Benning Violins is helping to make a difference in the lives of hardened inmates and nuns alike
For Hans and Nancy Benning, of Benning Violins, a violin shop in Los Angeles, making fine instruments for the world’s finest players is a four-generation family tradition—and so is giving back to the global community, in their case to orphans, incarcerated juveniles, and countless others in need in Baja, Mexico.
In their 70s, neither has retired from the lutherie business. Yet, as they have for more than 35 years, the Bennings continue to dedicate their time and considerable talent to build buildings — German-born Hans was a carpenter before he turned his skills to fashioning violins, cellos, and violas — and inspire music-making by teaching and donating scores of instruments to an orphanage and mission in the coastal village of Vicente Guerrero, about 175 miles south of Tijuana.
Along the way, they met, mentored, and nurtured a young talent, Tito Quiroz. Then eight years old, now 28 and an attorney, as well as a violinist, Quiroz has taken “the blessing, the teaching, and the values” he received from the Bennings to carry their legacy of service forward.
Six years ago, Quiroz founded a music school in Ensenada, Baja’s third-largest city, and commemorated his mentors by naming it the Benning Academia de Musica. By the end of the first year, the academy had 80 students and ten teachers—today, it boasts 700 students and more than 40 instructors.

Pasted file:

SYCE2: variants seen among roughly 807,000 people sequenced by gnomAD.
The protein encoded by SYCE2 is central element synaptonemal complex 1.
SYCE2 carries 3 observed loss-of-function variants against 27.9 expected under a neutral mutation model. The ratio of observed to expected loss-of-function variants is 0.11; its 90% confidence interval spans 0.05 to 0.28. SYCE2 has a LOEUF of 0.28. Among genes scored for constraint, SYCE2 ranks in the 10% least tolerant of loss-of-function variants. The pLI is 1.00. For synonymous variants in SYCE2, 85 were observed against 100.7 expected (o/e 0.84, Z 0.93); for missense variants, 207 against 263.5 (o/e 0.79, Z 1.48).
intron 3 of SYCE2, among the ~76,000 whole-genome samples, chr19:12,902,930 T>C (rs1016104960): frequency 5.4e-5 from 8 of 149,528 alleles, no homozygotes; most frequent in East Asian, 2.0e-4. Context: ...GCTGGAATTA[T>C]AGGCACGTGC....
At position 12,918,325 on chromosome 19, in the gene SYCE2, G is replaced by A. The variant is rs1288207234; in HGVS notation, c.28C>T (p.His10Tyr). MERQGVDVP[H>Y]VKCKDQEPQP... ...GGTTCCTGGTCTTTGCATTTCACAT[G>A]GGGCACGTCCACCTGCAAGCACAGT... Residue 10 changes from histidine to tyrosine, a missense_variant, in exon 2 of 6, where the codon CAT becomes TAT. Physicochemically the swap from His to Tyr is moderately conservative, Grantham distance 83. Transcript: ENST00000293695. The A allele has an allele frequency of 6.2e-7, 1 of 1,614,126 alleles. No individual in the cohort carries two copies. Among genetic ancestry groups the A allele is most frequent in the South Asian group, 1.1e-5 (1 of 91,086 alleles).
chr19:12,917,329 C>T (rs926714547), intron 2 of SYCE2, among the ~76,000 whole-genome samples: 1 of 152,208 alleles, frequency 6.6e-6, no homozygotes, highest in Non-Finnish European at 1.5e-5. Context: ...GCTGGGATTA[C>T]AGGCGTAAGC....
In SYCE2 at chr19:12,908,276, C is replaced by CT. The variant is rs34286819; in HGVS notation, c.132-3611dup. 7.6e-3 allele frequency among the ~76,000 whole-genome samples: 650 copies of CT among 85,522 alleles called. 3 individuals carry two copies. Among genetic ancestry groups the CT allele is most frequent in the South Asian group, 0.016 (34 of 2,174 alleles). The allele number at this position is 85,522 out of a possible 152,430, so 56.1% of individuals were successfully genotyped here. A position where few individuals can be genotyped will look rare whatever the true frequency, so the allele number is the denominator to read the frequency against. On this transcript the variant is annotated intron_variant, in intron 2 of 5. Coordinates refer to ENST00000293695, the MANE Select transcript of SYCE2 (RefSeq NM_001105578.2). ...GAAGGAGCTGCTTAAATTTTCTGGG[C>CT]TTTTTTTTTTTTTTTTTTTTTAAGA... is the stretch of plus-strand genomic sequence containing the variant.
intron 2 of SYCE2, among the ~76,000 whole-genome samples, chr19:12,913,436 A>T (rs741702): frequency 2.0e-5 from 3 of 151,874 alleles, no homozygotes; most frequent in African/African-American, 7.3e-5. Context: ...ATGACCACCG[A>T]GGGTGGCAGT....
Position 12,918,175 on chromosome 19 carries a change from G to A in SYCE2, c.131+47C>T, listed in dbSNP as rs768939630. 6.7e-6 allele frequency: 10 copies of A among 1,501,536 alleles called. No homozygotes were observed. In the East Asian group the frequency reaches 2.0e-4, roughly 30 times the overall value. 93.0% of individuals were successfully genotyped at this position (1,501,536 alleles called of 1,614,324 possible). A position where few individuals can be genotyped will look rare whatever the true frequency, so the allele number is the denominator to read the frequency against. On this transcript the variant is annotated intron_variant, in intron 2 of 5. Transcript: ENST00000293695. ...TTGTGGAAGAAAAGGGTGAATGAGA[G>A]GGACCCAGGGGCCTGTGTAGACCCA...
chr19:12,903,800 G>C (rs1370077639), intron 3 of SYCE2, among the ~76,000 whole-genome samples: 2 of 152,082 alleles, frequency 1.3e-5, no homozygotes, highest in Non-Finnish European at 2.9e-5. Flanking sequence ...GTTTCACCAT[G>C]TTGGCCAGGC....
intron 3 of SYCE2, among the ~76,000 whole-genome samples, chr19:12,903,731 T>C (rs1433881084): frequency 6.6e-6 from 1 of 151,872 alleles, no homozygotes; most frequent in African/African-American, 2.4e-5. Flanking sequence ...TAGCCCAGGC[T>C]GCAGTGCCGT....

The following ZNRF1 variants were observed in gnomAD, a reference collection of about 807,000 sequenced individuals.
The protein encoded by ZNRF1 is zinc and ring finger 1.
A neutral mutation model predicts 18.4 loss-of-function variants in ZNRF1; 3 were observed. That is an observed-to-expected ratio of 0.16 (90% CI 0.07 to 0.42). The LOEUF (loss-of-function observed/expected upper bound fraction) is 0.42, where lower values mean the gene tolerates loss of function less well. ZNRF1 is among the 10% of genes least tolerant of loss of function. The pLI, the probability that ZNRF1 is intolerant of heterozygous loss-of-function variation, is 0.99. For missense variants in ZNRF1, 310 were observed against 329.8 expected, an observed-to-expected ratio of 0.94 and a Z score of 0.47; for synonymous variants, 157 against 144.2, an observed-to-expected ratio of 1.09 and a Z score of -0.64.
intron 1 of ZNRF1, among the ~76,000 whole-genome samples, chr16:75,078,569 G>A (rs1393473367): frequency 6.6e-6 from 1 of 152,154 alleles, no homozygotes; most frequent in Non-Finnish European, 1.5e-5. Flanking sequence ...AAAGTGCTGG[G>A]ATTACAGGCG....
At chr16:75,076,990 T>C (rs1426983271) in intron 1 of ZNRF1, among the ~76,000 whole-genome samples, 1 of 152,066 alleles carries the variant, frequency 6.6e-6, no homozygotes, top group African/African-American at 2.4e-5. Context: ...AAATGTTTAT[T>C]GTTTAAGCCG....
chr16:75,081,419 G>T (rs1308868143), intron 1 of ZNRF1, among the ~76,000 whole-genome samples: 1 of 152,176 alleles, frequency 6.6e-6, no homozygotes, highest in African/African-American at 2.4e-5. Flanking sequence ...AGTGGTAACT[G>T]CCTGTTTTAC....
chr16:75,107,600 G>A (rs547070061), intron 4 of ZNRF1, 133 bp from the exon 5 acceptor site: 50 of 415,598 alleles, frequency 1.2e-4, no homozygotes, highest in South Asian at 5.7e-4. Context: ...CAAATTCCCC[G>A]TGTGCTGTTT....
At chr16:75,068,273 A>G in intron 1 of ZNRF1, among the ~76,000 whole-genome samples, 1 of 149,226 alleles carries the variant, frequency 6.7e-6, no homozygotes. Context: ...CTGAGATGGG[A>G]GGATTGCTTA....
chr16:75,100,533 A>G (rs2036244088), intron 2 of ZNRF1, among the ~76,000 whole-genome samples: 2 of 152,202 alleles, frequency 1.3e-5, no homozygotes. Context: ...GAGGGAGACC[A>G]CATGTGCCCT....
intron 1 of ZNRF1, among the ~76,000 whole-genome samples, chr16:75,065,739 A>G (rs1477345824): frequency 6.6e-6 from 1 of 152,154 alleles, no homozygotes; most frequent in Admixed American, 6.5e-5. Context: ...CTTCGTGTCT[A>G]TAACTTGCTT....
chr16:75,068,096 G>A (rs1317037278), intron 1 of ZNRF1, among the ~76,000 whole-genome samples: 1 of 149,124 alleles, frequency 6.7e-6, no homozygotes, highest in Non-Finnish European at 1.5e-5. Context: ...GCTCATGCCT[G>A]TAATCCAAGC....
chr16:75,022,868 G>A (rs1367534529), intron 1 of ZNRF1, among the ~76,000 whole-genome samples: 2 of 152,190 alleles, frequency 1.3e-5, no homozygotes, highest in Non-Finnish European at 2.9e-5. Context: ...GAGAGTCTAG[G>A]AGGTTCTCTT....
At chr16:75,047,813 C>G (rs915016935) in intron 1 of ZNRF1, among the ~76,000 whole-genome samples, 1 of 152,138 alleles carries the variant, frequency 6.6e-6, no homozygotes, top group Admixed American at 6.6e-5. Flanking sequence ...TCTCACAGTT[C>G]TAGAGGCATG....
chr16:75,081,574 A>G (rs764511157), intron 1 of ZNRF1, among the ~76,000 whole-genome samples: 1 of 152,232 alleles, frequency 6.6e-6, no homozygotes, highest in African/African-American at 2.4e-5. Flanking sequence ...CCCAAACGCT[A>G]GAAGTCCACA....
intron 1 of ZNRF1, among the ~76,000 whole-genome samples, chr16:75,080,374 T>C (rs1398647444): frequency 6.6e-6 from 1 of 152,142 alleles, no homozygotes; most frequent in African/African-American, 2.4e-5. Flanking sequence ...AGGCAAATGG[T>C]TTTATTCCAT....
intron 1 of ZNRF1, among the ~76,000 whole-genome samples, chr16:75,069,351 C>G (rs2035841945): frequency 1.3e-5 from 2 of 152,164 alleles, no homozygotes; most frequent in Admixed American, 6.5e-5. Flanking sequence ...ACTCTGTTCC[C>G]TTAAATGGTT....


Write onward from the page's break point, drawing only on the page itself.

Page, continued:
Heidi's First Music Lesson: A Visit to Benning Violins
Written by By Diane Haithman | Studio City Patch
She thinks Beethoven is a dog -- but Heidi discovered music, and Studio City history, at Benning Violins on Ventura Boulevard
While Studio City mourns the passing of the landmark Henry’s Tacos, be thankful there is still some old Studio City history left in the neighborhood. One of those is Los Angeles violin shop Benning Violins on Ventura Boulevard, celebrating its 60th anniversary this year. While Henry’s Tacos began stuffing ground meat into shells in the early 1960s, Benning Violins has been providing, as the front window says, “Studio City Music since 1953.”
I am beginning to appreciate anything that is older than I am. And ever since we started our column, Heidi and I have been thinking about dropping in on Benning Violins. It always seems so different from the other bustling, need-it-now businesses competing for our attention on Ventura Boulevard. It’s easy enough to find a place to get gluten-free pizza, medical marijuana or sweat pants with a suggestive message written in rhinestones across the rear end. There aren’t so many spots where you can watch plain wood transform into violins, violas and cellos before your eyes.
Couple's mission in Mexico combines faith and service
Written by Steve Lopez | Los Angeles Times
In 1979, the Bennings began working at a Mexican orphanage built by friends. Thirty-four years later, they're still going back.
Tito reaches out to the poorest families, who come in on scholarship, their training funded in part by donations and by the fees middle-class families are able to pay. The academy members are like a very large family, says Tito, who believes that in his troubled country, music can be a healing force, and a way to build pride and develop a greater sense of community.